The Irishman, London Film Festival review

The Irishman, London Film Festival review

Very few filmmakers have enjoyed such storied and long-lasting careers as Martin Scorsese, Hollywood icon. Over 5 decades in the business he has made countless classics including Taxi Driver, Raging Bull, Goodfellas and CasinoThe Irishman, Scorsese’s first mob drama since 2006’s The Departed, and his first collaboration with Robert De Niro in 25 years, ranks among his very best.

The film recounts the story of mafia-linked hitman Frank Sheeran (De Niro), who is  in his twilight years, alone in a nursing home as he recounts his involvement in a slew of hits stretching back to the 1950s, with a particular emphasis on his involvement with the notorious union boss Jimmy Hoffa. The film perfectly encapsulates American culture and history from the 50s to 70s with a slew of historical events unfolding in the background. Through Frank’s eyes, we witness the rise of the Kennedys and JFK’s assassination, as well as events including the Bay of pigs fiasco and the Watergate scandal under President Nixon.  The film for me works exceptionally well as a spiritual successor to Goodfellas and Casino, presenting a less glamorous side to the Mob lifestyle, as the titular Irishman struggles to come to terms with his life of crime and the ensuing strain it places on his relationship  with his family, particularly with his daughter Peggy (Anna Paquin). The film ultimately has a lot to say about loss and the ageing process as we see Frank reach the latter stages of his life.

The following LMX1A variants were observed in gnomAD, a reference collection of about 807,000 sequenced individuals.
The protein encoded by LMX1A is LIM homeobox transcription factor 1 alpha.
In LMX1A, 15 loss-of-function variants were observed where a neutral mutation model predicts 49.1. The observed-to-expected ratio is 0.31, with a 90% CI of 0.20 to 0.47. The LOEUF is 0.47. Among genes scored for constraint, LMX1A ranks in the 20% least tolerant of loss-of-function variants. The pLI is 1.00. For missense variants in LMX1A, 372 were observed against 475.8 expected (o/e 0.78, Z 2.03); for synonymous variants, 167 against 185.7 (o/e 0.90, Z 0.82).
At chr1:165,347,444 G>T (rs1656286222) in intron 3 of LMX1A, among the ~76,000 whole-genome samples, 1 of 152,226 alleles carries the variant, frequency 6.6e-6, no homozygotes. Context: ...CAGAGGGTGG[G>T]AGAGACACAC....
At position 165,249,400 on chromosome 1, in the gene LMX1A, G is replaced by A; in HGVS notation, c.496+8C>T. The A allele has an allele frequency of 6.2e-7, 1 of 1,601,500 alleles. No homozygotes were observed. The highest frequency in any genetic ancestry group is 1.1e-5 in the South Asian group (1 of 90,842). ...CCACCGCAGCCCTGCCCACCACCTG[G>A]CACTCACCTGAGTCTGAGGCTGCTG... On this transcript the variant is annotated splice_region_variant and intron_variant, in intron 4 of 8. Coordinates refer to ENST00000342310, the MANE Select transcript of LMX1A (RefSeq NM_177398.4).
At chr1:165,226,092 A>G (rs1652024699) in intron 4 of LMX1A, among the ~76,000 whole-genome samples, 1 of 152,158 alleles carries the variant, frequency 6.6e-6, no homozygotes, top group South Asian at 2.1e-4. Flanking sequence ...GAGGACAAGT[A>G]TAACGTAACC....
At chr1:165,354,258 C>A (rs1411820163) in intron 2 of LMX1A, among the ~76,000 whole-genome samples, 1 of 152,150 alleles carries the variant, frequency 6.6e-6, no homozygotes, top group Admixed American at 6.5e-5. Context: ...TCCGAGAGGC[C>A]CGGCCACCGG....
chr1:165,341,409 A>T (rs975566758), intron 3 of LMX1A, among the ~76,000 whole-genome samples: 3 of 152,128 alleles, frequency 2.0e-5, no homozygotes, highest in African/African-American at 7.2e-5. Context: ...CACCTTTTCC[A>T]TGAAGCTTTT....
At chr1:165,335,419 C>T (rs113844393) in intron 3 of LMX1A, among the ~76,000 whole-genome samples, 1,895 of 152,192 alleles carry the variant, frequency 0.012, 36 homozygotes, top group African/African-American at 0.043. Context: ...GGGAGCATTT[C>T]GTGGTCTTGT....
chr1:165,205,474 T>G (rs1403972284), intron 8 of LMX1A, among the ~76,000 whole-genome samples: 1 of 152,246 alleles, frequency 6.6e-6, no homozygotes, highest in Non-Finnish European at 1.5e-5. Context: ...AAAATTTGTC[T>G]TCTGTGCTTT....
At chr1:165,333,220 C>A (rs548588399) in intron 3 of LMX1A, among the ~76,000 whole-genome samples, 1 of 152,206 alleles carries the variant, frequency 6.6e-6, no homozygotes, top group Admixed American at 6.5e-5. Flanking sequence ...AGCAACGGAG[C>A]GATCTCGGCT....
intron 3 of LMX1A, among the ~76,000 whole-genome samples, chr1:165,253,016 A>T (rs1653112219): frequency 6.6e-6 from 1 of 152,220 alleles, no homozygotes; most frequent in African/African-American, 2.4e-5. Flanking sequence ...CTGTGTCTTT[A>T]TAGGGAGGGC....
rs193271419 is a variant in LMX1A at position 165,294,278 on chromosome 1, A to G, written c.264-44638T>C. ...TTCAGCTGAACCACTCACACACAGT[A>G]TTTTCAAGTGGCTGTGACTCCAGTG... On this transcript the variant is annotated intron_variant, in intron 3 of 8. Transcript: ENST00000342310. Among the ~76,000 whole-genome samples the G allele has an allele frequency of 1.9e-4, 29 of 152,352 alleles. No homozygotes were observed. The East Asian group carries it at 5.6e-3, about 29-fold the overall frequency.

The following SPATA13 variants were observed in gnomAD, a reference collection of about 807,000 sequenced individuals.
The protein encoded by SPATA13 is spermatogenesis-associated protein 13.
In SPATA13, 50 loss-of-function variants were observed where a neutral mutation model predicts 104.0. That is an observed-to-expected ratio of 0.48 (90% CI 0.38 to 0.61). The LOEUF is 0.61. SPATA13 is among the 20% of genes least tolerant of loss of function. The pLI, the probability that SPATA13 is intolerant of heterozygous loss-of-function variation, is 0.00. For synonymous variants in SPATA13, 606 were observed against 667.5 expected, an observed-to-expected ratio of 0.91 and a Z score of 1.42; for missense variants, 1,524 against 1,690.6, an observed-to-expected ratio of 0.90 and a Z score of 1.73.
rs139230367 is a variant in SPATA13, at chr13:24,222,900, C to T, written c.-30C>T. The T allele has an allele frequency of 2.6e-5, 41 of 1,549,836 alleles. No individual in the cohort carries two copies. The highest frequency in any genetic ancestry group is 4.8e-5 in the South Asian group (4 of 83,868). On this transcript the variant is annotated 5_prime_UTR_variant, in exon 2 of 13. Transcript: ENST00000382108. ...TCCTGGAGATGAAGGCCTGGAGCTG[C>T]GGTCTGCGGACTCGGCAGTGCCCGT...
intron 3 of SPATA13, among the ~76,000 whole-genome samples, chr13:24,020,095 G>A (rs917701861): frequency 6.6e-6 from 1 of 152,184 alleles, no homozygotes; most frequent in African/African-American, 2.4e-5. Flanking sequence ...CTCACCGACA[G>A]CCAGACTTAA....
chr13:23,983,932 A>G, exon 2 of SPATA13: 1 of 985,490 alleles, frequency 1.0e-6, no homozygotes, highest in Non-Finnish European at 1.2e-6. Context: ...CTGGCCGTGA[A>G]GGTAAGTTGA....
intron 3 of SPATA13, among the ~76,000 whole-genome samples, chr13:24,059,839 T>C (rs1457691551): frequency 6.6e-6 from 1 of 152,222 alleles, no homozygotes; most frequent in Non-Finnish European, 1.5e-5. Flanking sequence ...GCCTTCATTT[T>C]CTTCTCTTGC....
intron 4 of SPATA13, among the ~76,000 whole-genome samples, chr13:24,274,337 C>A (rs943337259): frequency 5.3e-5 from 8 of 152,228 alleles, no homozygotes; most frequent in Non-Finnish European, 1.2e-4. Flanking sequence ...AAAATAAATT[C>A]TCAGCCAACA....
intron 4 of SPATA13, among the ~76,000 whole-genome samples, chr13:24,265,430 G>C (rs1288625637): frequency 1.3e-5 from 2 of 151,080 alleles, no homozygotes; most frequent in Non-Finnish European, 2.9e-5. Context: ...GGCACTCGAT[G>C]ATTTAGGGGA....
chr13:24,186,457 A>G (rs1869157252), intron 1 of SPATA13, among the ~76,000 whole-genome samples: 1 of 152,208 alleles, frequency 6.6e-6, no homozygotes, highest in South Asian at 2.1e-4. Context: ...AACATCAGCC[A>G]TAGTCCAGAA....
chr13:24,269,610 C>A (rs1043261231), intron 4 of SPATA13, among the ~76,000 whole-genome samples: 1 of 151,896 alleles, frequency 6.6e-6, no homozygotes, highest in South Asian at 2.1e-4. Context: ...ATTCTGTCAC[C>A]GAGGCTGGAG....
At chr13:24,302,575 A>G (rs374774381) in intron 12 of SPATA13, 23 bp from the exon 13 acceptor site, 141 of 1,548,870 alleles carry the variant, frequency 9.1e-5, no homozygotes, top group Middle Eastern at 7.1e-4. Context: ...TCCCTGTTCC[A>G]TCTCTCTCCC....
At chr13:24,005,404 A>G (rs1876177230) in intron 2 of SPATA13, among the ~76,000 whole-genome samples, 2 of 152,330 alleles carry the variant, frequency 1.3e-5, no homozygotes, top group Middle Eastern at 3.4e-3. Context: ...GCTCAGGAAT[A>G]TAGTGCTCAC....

Robert De Niro has traditionally thrived in these sorts of roles and, under Scorsese’s direction, the same can be said of Joe Pesci. However, with De Niro’s recent career consisting of low-level comedies and spoofs of his earlier works, it’s great to see him back on top form here. The film’s standout for me is Al Pacino. His role here as Jimmy Hoffa is Pacino at his scenery-chewing best, allowing him to flex acting muscles he hasn’t used since the likes of Michael Mann’s Heat in 1995, where he was also opposite De Niro. It seems highly likely Pacino and Pesci will be competing against each other for Oscar glory.  

Much has been made of the digital de-aging technology, used to make the characters look younger in extended flashback sequences. While this can be jarring at first, it is employed to good effect and is not a distraction from the film’s overall quality. The Irishman is getting a Netflix release at the end of November, but, despite its hefty 3 ½-hour runtime, it’s worth seeking out a cinema to see this late career masterpiece from some of Hollywood’s finest. 

 

5/5

Image: Netflix

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